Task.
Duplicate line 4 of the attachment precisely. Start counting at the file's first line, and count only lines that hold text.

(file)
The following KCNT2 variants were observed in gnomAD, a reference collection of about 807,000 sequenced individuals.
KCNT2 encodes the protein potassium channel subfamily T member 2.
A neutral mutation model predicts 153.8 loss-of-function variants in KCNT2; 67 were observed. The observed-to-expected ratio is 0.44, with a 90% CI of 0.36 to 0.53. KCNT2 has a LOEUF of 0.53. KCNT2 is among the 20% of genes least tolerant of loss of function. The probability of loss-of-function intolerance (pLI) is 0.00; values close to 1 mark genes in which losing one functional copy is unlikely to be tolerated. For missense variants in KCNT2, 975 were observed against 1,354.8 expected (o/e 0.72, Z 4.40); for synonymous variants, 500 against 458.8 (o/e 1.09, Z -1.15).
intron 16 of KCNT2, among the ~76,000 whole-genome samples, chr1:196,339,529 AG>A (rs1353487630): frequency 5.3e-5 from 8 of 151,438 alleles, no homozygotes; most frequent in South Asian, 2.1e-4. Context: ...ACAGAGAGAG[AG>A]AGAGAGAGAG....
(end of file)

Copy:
intron 16 of KCNT2, among the ~76,000 whole-genome samples, chr1:196,339,529 AG>A (rs1353487630): frequency 5.3e-5 from 8 of 151,438 alleles, no homozygotes; most frequent in South Asian, 2.1e-4. Context: ...ACAGAGAGAG[AG>A]AGAGAGAGAG....